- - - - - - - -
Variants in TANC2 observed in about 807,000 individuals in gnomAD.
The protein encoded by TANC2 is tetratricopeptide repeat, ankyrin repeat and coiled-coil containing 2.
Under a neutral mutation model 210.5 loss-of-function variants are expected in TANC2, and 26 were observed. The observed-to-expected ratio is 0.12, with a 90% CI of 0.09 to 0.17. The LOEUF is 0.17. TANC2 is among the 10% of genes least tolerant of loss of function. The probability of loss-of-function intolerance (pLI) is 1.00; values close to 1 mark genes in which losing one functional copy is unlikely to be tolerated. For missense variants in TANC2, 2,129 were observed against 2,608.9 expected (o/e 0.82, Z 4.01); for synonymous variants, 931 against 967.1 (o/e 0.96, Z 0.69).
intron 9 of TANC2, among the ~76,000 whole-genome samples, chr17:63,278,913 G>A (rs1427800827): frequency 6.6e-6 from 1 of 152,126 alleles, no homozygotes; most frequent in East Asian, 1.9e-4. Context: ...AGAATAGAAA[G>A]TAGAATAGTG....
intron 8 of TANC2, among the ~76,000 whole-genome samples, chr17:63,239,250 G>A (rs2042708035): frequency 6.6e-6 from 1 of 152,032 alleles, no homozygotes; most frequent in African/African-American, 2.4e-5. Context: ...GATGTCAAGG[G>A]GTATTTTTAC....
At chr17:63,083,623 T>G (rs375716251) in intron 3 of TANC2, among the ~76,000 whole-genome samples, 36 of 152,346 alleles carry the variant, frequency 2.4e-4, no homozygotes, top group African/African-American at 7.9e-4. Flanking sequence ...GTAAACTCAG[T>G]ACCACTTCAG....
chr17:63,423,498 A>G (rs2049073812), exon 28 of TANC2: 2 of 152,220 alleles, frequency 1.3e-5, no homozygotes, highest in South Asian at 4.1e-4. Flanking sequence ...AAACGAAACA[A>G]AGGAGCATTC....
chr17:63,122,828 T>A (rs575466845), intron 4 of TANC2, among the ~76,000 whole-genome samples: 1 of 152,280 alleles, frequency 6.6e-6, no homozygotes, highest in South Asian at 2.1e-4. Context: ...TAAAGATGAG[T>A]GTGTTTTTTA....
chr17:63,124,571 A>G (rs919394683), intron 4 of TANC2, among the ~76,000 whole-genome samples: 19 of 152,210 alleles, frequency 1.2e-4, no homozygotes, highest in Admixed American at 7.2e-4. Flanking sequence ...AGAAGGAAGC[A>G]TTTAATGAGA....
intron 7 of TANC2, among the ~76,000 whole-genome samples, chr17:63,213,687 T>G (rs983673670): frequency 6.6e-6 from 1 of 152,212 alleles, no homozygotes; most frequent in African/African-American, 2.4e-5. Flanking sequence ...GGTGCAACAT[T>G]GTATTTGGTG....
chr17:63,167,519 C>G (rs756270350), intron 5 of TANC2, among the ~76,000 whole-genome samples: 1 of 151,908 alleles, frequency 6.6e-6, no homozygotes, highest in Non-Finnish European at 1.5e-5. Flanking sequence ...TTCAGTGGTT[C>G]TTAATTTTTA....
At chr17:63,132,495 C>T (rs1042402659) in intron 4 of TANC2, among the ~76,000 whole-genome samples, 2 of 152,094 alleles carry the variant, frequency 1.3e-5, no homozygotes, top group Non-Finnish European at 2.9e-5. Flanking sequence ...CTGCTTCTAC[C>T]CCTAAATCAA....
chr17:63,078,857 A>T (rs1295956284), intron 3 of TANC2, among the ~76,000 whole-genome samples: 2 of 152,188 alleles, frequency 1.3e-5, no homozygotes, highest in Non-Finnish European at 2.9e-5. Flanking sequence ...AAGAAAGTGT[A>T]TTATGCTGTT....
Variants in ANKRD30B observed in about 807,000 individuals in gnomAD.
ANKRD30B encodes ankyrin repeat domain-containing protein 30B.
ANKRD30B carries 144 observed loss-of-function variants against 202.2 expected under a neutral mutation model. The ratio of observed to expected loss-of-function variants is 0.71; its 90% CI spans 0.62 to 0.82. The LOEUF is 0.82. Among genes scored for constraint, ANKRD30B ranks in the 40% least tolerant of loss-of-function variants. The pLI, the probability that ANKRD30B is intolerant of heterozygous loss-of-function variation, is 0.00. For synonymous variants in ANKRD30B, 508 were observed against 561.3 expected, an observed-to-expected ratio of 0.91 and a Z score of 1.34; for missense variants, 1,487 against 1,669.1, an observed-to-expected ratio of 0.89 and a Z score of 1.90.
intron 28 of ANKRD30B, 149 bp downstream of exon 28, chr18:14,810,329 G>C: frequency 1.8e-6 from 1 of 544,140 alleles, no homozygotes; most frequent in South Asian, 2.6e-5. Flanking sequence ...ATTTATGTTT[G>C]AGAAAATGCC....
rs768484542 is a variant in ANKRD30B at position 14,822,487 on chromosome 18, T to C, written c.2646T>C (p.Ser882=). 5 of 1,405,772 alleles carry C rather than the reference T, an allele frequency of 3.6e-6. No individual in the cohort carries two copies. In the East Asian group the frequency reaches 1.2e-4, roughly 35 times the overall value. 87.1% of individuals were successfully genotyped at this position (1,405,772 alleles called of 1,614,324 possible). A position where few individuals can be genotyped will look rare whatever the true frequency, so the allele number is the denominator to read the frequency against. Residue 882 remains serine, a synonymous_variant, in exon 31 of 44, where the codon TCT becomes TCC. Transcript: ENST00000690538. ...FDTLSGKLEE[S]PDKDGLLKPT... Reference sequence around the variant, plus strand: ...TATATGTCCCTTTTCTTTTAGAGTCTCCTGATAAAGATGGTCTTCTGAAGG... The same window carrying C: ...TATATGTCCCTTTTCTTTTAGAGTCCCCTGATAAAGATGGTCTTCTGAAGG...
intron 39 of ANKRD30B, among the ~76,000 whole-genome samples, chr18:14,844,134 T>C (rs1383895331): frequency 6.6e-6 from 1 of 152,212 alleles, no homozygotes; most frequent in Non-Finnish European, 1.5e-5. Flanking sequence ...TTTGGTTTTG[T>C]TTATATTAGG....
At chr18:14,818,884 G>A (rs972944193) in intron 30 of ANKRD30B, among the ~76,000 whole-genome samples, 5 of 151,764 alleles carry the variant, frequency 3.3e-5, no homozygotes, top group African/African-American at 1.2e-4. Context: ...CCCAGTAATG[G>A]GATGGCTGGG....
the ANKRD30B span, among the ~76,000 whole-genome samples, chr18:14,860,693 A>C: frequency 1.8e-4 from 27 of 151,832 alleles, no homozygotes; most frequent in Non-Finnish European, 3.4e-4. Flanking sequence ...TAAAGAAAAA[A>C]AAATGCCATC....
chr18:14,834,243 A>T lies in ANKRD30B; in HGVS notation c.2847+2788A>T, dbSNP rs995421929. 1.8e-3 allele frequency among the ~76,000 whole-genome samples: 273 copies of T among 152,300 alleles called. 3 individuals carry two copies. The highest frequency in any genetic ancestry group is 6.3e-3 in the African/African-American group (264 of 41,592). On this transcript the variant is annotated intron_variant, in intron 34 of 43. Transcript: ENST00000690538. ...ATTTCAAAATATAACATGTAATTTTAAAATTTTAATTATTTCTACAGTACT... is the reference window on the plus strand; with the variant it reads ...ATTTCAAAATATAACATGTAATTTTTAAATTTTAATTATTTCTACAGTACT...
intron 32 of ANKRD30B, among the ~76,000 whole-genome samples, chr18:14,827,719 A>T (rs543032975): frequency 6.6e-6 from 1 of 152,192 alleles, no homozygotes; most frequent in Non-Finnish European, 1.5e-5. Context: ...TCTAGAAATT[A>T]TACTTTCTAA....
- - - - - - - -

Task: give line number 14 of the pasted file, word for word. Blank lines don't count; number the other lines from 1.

Variants in ANKRD30B observed in about 807,000 individuals in gnomAD.